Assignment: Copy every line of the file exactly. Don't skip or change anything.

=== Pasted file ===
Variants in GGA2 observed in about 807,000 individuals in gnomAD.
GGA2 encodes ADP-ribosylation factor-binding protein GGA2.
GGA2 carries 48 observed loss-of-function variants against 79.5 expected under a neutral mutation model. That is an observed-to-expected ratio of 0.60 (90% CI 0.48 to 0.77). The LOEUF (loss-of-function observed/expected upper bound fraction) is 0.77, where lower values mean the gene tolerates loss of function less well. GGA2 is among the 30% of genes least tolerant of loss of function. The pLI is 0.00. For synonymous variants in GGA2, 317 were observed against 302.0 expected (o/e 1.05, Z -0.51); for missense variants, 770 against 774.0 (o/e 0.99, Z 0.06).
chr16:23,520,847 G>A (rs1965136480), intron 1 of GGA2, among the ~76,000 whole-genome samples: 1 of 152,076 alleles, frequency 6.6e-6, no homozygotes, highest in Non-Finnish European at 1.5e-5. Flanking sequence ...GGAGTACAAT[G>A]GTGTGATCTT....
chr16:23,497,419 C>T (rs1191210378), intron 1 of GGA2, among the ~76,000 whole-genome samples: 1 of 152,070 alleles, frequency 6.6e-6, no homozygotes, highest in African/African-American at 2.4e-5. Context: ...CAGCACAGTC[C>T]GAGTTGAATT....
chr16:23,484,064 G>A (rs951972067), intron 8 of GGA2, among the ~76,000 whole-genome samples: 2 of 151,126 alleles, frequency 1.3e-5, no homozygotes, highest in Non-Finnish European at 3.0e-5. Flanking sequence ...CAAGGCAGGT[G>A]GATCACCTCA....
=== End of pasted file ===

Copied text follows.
Variants in GGA2 observed in about 807,000 individuals in gnomAD.
GGA2 encodes ADP-ribosylation factor-binding protein GGA2.
GGA2 carries 48 observed loss-of-function variants against 79.5 expected under a neutral mutation model. That is an observed-to-expected ratio of 0.60 (90% CI 0.48 to 0.77). The LOEUF (loss-of-function observed/expected upper bound fraction) is 0.77, where lower values mean the gene tolerates loss of function less well. GGA2 is among the 30% of genes least tolerant of loss of function. The pLI is 0.00. For synonymous variants in GGA2, 317 were observed against 302.0 expected (o/e 1.05, Z -0.51); for missense variants, 770 against 774.0 (o/e 0.99, Z 0.06).
chr16:23,520,847 G>A (rs1965136480), intron 1 of GGA2, among the ~76,000 whole-genome samples: 1 of 152,076 alleles, frequency 6.6e-6, no homozygotes, highest in Non-Finnish European at 1.5e-5. Flanking sequence ...GGAGTACAAT[G>A]GTGTGATCTT....
chr16:23,497,419 C>T (rs1191210378), intron 1 of GGA2, among the ~76,000 whole-genome samples: 1 of 152,070 alleles, frequency 6.6e-6, no homozygotes, highest in African/African-American at 2.4e-5. Context: ...CAGCACAGTC[C>T]GAGTTGAATT....
chr16:23,484,064 G>A (rs951972067), intron 8 of GGA2, among the ~76,000 whole-genome samples: 2 of 151,126 alleles, frequency 1.3e-5, no homozygotes, highest in Non-Finnish European at 3.0e-5. Flanking sequence ...CAAGGCAGGT[G>A]GATCACCTCA....